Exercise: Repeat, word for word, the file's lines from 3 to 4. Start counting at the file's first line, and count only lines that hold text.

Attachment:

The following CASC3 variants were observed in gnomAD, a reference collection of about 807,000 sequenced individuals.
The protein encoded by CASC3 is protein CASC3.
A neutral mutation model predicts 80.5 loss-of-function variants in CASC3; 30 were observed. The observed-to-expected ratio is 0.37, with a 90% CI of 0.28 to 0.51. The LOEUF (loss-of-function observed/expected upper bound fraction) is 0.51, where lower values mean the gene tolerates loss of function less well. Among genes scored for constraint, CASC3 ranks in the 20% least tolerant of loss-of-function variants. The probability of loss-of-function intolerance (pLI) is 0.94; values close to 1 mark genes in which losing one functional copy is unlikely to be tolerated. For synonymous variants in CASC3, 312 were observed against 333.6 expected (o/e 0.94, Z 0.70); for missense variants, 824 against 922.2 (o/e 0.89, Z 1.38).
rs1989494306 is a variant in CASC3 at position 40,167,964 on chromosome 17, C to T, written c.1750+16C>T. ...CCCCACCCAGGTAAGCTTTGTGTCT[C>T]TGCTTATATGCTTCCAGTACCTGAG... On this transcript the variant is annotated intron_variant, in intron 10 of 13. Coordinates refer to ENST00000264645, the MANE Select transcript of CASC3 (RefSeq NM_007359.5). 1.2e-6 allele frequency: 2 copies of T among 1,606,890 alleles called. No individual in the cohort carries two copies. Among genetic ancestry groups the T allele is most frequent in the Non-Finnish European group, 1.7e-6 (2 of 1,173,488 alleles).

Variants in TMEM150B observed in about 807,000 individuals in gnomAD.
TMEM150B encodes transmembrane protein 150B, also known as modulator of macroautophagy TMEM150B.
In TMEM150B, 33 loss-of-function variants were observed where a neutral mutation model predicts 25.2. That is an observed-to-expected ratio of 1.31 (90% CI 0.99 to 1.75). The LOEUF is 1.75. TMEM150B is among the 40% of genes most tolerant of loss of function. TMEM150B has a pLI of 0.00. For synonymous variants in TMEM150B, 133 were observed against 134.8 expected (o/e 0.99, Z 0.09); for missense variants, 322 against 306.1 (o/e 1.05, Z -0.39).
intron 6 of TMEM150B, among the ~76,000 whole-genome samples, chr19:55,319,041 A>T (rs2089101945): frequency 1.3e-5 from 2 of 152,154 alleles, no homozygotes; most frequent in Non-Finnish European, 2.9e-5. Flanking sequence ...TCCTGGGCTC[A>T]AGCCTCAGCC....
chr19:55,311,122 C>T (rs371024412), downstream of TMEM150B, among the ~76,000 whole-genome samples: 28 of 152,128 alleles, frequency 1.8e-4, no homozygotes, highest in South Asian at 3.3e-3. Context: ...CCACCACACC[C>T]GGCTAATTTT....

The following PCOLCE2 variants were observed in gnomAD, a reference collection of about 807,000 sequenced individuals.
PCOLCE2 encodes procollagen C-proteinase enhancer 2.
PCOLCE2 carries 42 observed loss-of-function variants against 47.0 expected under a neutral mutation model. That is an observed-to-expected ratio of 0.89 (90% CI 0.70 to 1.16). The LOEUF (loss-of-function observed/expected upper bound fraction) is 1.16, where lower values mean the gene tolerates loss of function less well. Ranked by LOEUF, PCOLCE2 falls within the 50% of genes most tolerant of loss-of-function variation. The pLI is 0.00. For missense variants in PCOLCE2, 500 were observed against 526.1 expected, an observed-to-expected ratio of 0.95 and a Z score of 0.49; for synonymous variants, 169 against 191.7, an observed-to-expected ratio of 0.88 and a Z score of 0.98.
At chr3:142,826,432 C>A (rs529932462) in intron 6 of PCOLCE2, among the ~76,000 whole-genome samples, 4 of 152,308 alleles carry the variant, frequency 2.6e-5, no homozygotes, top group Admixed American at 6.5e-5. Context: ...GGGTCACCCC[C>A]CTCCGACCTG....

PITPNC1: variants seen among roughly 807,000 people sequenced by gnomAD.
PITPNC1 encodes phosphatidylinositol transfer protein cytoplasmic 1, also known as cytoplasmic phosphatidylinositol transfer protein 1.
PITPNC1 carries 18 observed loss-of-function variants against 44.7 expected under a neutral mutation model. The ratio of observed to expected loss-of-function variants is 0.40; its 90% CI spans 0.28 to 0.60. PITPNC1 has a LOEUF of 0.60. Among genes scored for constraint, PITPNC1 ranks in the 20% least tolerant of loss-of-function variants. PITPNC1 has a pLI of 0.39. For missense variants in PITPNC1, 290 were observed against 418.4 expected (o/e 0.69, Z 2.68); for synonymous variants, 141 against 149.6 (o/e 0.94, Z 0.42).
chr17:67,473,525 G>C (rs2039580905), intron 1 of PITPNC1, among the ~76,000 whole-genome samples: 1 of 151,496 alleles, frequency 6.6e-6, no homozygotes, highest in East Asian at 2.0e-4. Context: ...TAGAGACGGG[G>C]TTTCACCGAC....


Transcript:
A neutral mutation model predicts 80.5 loss-of-function variants in CASC3; 30 were observed. The observed-to-expected ratio is 0.37, with a 90% CI of 0.28 to 0.51. The LOEUF (loss-of-function observed/expected upper bound fraction) is 0.51, where lower values mean the gene tolerates loss of function less well. Among genes scored for constraint, CASC3 ranks in the 20% least tolerant of loss-of-function variants. The probability of loss-of-function intolerance (pLI) is 0.94; values close to 1 mark genes in which losing one functional copy is unlikely to be tolerated. For synonymous variants in CASC3, 312 were observed against 333.6 expected (o/e 0.94, Z 0.70); for missense variants, 824 against 922.2 (o/e 0.89, Z 1.38).
rs1989494306 is a variant in CASC3 at position 40,167,964 on chromosome 17, C to T, written c.1750+16C>T. ...CCCCACCCAGGTAAGCTTTGTGTCT[C>T]TGCTTATATGCTTCCAGTACCTGAG... On this transcript the variant is annotated intron_variant, in intron 10 of 13. Coordinates refer to ENST00000264645, the MANE Select transcript of CASC3 (RefSeq NM_007359.5). 1.2e-6 allele frequency: 2 copies of T among 1,606,890 alleles called. No individual in the cohort carries two copies. Among genetic ancestry groups the T allele is most frequent in the Non-Finnish European group, 1.7e-6 (2 of 1,173,488 alleles).